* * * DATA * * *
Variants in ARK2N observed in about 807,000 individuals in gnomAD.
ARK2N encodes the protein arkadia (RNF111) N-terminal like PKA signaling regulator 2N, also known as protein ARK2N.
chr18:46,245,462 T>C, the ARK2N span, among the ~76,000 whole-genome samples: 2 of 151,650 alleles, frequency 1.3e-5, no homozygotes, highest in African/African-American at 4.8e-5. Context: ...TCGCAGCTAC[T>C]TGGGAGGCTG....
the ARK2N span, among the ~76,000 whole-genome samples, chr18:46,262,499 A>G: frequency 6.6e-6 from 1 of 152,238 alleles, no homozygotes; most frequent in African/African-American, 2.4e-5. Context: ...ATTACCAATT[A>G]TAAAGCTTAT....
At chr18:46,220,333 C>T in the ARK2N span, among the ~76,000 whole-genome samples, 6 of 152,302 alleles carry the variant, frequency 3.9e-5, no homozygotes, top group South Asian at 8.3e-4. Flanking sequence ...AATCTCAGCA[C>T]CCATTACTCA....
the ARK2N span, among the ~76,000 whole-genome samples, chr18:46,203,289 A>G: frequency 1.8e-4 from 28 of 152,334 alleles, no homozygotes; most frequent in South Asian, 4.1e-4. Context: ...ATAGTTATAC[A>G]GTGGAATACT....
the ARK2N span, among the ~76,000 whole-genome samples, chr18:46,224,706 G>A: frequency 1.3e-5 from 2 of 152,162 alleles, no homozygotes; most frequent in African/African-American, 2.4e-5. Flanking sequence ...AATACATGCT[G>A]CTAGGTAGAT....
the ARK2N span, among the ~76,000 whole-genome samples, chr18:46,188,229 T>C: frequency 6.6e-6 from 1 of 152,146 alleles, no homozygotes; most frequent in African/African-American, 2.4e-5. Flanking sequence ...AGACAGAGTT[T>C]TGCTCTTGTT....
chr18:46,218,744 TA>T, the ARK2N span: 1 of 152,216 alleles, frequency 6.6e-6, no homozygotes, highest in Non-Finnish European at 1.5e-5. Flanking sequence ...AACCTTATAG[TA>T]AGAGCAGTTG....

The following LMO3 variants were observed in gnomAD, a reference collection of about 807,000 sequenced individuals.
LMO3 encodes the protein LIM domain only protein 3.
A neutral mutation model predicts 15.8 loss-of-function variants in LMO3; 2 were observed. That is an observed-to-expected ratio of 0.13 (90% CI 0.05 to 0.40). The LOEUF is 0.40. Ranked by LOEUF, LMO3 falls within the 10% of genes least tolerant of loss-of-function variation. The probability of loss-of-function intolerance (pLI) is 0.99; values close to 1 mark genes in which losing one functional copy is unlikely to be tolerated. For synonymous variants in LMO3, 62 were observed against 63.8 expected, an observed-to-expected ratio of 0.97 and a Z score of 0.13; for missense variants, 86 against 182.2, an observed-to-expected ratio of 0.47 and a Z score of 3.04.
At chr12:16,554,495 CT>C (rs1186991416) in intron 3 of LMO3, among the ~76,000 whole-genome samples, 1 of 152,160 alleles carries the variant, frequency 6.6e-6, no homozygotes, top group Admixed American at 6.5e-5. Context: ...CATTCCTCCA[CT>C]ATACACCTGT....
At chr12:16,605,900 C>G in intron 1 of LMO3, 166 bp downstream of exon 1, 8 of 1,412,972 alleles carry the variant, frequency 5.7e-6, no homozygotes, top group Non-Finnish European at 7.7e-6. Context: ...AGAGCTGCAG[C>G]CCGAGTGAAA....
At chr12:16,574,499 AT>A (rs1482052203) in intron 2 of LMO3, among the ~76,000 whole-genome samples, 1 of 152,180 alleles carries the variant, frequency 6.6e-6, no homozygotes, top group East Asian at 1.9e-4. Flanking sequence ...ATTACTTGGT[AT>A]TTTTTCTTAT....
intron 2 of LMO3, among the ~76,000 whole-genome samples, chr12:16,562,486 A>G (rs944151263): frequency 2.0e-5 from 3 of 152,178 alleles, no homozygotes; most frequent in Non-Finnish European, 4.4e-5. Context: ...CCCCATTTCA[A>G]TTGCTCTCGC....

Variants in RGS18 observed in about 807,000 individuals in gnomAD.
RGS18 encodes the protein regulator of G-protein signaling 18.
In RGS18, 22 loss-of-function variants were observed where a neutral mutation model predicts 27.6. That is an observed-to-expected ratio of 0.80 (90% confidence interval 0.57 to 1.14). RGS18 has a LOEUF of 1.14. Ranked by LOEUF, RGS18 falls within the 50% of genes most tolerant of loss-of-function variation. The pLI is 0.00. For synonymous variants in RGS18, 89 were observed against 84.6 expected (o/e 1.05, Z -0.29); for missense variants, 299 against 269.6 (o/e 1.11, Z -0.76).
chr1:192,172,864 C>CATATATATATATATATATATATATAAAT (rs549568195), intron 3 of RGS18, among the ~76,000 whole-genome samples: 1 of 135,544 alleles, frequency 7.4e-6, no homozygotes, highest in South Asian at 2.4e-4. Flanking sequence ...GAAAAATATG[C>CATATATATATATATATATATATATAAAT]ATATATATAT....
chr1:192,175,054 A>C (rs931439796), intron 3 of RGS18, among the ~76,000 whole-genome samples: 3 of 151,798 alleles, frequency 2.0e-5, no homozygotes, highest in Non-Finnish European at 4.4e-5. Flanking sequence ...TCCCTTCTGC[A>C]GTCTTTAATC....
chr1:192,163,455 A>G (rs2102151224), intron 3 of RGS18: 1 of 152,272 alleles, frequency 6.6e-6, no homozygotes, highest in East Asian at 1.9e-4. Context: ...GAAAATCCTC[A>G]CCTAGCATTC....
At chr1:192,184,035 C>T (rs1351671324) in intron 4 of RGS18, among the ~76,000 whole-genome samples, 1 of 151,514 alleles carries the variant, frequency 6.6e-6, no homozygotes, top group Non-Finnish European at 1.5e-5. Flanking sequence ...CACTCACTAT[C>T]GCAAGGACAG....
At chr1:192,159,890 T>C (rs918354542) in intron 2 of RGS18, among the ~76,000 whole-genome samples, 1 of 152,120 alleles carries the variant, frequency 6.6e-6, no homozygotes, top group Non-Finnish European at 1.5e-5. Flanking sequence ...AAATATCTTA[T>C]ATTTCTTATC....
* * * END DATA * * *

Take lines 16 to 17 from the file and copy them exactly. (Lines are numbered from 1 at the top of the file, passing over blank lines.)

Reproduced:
intron 2 of LMO3, among the ~76,000 whole-genome samples, chr12:16,562,486 A>G (rs944151263): frequency 2.0e-5 from 3 of 152,178 alleles, no homozygotes; most frequent in Non-Finnish European, 4.4e-5. Context: ...CCCCATTTCA[A>G]TTGCTCTCGC....

Variants in RGS18 observed in about 807,000 individuals in gnomAD.